New York State has joined California in banning hair discrimination in the workplace. The New York law—which was signed by Gov. Andrew Cuomo (D) on July 12—amends the state human rights law by including “traits historically associated with race, including but not limited to, hair texture and protective hairstyles” in the definition of “race.” The term “protective hairstyles” includes hairstyles such as braids, locks, and twists.

The law takes effect immediately.

Companies with New York employees and operations should immediately review their appearance and hair polices to make sure they comply with the new law. Those policies should use neutral, generally-applicable language and should not single out hair textures or hairstyles that are associated with African-Americans or any other racial group.

As we have previously reported, New York City has issued its own guidance on hair discrimination.  The New York City guidance is much more detailed and broader in scope than its state counterpart: it applies not only to hairstyles associated with race, but also to hairstyles associated with ethnicity and culture. The New York City guidance also provides a litany of unlawful appearance and grooming policies and practices.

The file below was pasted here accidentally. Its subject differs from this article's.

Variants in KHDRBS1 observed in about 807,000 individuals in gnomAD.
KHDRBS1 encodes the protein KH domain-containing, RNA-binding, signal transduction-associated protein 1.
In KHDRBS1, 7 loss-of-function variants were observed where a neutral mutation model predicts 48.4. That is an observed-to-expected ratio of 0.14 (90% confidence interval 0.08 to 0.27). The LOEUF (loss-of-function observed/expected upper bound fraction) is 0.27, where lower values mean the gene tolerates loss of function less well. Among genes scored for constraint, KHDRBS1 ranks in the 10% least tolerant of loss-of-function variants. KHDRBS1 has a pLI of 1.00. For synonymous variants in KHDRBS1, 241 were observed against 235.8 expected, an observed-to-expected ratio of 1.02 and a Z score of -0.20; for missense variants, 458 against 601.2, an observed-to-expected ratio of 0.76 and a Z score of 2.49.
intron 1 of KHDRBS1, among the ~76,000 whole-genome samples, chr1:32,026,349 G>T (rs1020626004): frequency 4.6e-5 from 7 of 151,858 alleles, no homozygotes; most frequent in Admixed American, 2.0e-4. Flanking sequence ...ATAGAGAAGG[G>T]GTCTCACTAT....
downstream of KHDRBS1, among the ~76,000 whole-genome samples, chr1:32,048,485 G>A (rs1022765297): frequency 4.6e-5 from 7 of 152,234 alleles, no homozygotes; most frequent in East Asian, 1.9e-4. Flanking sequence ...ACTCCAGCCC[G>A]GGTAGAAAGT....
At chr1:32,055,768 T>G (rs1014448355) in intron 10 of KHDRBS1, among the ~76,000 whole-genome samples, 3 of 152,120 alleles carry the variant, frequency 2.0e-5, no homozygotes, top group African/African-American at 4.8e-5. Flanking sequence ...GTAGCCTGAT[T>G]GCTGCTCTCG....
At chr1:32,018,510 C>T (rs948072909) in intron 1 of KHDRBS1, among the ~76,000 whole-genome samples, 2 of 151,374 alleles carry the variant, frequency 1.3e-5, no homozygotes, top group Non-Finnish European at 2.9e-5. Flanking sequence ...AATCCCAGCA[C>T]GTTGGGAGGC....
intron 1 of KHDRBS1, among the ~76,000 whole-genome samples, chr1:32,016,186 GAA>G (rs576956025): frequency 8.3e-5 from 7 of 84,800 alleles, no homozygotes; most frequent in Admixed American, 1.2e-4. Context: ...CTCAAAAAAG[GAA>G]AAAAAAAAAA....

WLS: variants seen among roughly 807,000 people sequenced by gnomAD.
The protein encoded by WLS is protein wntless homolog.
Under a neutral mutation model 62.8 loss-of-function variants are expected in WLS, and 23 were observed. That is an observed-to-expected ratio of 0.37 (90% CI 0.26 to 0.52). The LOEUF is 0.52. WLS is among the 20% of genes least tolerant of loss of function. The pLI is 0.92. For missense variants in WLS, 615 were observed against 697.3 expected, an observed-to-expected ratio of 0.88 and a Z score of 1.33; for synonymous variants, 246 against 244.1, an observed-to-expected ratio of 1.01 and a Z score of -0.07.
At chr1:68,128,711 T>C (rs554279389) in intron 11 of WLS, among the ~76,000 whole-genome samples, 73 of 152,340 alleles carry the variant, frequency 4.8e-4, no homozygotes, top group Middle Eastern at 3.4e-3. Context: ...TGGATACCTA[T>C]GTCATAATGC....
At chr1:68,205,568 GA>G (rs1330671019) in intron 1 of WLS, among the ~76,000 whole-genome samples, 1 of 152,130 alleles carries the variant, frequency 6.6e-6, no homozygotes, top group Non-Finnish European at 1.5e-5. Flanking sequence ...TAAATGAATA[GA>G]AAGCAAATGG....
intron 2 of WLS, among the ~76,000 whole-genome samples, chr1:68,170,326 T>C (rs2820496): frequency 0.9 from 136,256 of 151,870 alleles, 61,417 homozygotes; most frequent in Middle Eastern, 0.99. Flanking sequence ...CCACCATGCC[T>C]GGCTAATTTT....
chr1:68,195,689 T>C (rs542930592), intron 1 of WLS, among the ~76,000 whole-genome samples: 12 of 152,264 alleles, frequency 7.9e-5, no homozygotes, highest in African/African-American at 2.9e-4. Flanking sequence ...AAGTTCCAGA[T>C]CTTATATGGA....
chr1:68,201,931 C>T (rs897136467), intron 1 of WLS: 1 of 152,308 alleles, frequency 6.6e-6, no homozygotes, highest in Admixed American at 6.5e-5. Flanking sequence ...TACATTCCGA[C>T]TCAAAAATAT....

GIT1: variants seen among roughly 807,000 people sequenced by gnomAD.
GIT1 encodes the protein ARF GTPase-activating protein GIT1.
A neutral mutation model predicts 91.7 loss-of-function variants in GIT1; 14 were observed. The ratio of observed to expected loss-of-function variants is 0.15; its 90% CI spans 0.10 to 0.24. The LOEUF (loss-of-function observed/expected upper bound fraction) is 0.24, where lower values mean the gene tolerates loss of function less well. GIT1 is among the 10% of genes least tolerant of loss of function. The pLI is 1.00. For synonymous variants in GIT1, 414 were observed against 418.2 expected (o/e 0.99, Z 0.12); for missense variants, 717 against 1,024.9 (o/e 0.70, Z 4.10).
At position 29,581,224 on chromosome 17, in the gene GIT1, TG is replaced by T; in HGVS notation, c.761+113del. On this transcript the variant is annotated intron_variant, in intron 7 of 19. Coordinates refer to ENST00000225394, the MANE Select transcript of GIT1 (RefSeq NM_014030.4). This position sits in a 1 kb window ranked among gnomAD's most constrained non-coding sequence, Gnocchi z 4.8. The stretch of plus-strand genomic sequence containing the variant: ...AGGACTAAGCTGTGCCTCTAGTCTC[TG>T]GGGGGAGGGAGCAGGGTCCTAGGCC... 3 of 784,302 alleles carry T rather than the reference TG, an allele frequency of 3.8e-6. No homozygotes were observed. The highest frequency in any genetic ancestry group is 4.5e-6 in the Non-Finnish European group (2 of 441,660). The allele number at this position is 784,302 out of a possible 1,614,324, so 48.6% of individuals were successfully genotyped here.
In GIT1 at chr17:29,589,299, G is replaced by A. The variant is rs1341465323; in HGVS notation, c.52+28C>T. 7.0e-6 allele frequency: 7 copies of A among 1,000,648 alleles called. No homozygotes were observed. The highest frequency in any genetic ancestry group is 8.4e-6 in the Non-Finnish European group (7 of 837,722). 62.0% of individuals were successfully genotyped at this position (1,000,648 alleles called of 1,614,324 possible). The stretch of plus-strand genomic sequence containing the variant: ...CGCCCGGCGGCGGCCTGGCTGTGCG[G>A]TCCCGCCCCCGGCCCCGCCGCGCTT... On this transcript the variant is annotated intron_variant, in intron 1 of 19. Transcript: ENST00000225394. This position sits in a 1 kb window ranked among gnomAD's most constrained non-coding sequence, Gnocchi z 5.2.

If you have not been keeping score, New York has enacted four major employment laws in the past few weeks: a dramatic expansion of the New York State Human Rights Law, a new equal pay and salary history law, and now a hairstyle discrimination law. New York is giving California a run for its money on who has the most plaintiff-friendly employment laws in the country.

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